Drugs Gang imported £165m Cocaine into UK from Dubai

A 21-member drugs gang masterminded the import of more than £165 million worth of cocaine from Dubai into the UK.

Drugs Gang imported £165m Cocaine into UK from Dubai f

It is estimated that the gang made £165.2 million.

A drugs gang that imported over £165 million worth of cocaine into the UK have been jailed for a total of 167 years.

The 21-member group was a complex network of well-rehearsed individuals moving illegal drugs on an “industrial scale”.

Leading members of the drugs gang would travel to Dubai to meet their contact who they boasted was on a “mill a week”.

However, their operation was busted when police exposed Encrochat, an encoded communication platform used by criminals.

East Midlands Special Operations Unit investigated and found that the gang was led by Paldip Mahngar out of his home in Derby.

Mahngar ordered kilograms of cocaine from contacts in Dubai.

Jaswant Kajla then distributed the drugs across the UK. He organised the logistics of moving the drugs and arranged for the gang’s earnings to be collected.

He made sure that the distributors acted as couriers to distribute the drugs to buyers.

The gang’s accountant, Manraj Johal, dealt with the collected money.

He would then relay his activity to his superiors.

It is estimated that the gang made £165.2 million. At one point, they were believed to be making £400,000 a day.

Drugs Gang imported £165m Cocaine into UK from Dubai

From the seized messages, police intercepted a 7kg package of cocaine in Derby in April 2020.

Basharat Iqbal’s home was searched and police found £20,000 in £1,000 bundles.

Three kilograms of cocaine was also found inside a wardrobe.

The drugs gang was jailed for a total of 167 years.

The sentences were:

  • Paldip Mahngar, aged 45, of Derby, was jailed for 18 years and three months.
  • Jaswant Kajla, aged 41, of Coventry, was jailed for 15 years and three months.
  • Manraj Johal, aged 32, of Luton, was jailed for 15 years and eight months.
  • Manvir Singh, aged 33, of Derby, was jailed for 13 years.
  • Ranjit Sandhu, aged 49, of Derby, was jailed for six years and 10 months.
  • Basharat Iqbal, aged 46, of Derby, was jailed for seven years and nine months.
  • John Castledine, aged 63, of Derby, was jailed for seven years and three months.
  • Michael Karim, aged 36, of Nottingham, was jailed for 10 years.
  • Kelly Williamson, aged 57, of Papplewick, Nottinghamshire, was jailed for five years and three months.
  • Joseph Davidson, aged 41, of Derby, was jailed for 10 years and two months.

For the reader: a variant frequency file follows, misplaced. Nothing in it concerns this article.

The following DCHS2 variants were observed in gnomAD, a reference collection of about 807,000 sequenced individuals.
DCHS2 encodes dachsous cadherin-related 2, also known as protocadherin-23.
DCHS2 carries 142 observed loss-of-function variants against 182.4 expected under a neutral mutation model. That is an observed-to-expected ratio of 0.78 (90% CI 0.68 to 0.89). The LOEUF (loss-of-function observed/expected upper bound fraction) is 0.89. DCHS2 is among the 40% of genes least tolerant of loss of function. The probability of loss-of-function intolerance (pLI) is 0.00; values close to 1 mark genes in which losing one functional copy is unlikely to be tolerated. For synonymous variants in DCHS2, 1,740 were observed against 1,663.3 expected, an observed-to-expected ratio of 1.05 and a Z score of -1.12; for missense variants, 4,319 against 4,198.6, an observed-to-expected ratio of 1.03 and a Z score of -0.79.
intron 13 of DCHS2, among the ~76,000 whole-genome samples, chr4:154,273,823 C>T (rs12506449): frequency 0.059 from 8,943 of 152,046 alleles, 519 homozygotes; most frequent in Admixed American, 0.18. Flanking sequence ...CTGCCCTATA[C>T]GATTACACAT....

• Nathaniel Collymore, aged 39, of Burton on Trent, was jailed for seven years and five months.
  • Mohammad Shafiq, aged 38, of Derby, was jailed for 12 years.
  • Nimrat Bahia, aged 26, of Luton, was jailed for seven years and one month.
  • Banaras Iqbal, aged 42, of Derby was jailed for four years and nine months.
  • Jermaine Callender, aged 44, of Luton, was jailed for three years.
  • Shimei Connell, aged 38, of Coventry, was jailed for seven years and nine months.
  • Marvin Johnson, aged 41, of Luton, was jailed for 11 years and six months.
  • Adil Saddique, aged 35, of Derby, was jailed for four years and seven months.

DCI Tim Walters, who led the investigation, said:

“This was a massive undertaking by a very skilled and determined investigation team to dismantle a gang which was responsible for the industrial-scale wholesale supply of cocaine across the country, along with the movement of millions of pounds in criminal cash each week.

“While the gang’s use of a ‘token’ system to monitor their cash flow and the encrypted Encrochat handsets to coordinate their business showed a level of sophistication, they merely acted as a breadcrumb trail for us to see the scale of the ‘business’, and identify each member of the organised crime group, as well as every sale they had made.

“The hefty sentences given today are not only a testament to an impressive regional investigation, but also to the power of collaborative law enforcement on a national and international scale.

“And we’ve not finished yet.

“Through the Proceeds of Crime Act we will now seek to identify and seize any assets amounted from the running of this illicit enterprise, to ensure those responsible are not only stripped of their freedom, but also of any profits made through their criminal activities.”

Dhiren is a journalism graduate with a passion for gaming, watching films and sports. He also enjoys cooking from time to time. His motto is to “Live life one day at a time.”